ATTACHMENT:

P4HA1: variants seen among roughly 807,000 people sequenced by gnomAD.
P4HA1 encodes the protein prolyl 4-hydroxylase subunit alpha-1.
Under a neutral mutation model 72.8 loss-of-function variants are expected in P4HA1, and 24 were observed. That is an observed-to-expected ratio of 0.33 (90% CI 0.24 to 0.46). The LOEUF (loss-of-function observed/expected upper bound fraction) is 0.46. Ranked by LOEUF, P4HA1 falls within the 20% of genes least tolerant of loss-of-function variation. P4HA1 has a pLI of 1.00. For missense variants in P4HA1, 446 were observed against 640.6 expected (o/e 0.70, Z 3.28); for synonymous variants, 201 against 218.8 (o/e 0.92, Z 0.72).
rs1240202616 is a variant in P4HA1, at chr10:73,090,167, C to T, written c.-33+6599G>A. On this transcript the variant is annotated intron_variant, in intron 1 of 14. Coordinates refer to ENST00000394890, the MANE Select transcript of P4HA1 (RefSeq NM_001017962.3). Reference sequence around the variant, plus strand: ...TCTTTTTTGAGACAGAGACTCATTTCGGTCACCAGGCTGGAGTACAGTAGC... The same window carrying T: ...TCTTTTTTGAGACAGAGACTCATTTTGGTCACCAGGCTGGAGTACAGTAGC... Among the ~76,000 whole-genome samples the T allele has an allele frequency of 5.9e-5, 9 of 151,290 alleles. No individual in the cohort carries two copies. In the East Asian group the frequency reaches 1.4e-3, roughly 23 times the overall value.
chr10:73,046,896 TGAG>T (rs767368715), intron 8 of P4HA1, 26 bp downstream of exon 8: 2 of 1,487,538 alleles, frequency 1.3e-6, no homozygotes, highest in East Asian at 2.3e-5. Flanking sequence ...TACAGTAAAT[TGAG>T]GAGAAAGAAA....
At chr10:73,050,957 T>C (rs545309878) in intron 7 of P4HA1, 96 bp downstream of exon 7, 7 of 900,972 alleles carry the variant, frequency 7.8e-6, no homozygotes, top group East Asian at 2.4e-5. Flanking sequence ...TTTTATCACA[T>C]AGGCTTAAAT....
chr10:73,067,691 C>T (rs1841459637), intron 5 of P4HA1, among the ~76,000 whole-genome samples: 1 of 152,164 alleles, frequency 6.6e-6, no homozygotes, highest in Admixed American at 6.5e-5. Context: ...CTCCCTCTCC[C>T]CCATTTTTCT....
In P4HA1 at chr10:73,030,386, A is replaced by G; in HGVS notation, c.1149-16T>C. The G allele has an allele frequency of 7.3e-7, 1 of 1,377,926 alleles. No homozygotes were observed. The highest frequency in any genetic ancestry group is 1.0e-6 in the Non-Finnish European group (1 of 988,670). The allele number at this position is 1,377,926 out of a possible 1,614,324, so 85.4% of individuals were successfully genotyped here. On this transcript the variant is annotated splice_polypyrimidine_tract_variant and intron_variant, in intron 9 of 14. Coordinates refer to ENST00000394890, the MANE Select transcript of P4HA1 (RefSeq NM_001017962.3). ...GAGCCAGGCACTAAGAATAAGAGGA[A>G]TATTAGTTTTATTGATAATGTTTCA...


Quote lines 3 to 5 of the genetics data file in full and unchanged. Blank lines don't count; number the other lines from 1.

Under a neutral mutation model 72.8 loss-of-function variants are expected in P4HA1, and 24 were observed. That is an observed-to-expected ratio of 0.33 (90% CI 0.24 to 0.46). The LOEUF (loss-of-function observed/expected upper bound fraction) is 0.46. Ranked by LOEUF, P4HA1 falls within the 20% of genes least tolerant of loss-of-function variation. P4HA1 has a pLI of 1.00. For missense variants in P4HA1, 446 were observed against 640.6 expected (o/e 0.70, Z 3.28); for synonymous variants, 201 against 218.8 (o/e 0.92, Z 0.72).
rs1240202616 is a variant in P4HA1, at chr10:73,090,167, C to T, written c.-33+6599G>A. On this transcript the variant is annotated intron_variant, in intron 1 of 14. Coordinates refer to ENST00000394890, the MANE Select transcript of P4HA1 (RefSeq NM_001017962.3). Reference sequence around the variant, plus strand: ...TCTTTTTTGAGACAGAGACTCATTTCGGTCACCAGGCTGGAGTACAGTAGC... The same window carrying T: ...TCTTTTTTGAGACAGAGACTCATTTTGGTCACCAGGCTGGAGTACAGTAGC... Among the ~76,000 whole-genome samples the T allele has an allele frequency of 5.9e-5, 9 of 151,290 alleles. No individual in the cohort carries two copies. In the East Asian group the frequency reaches 1.4e-3, roughly 23 times the overall value.
chr10:73,046,896 TGAG>T (rs767368715), intron 8 of P4HA1, 26 bp downstream of exon 8: 2 of 1,487,538 alleles, frequency 1.3e-6, no homozygotes, highest in East Asian at 2.3e-5. Flanking sequence ...TACAGTAAAT[TGAG>T]GAGAAAGAAA....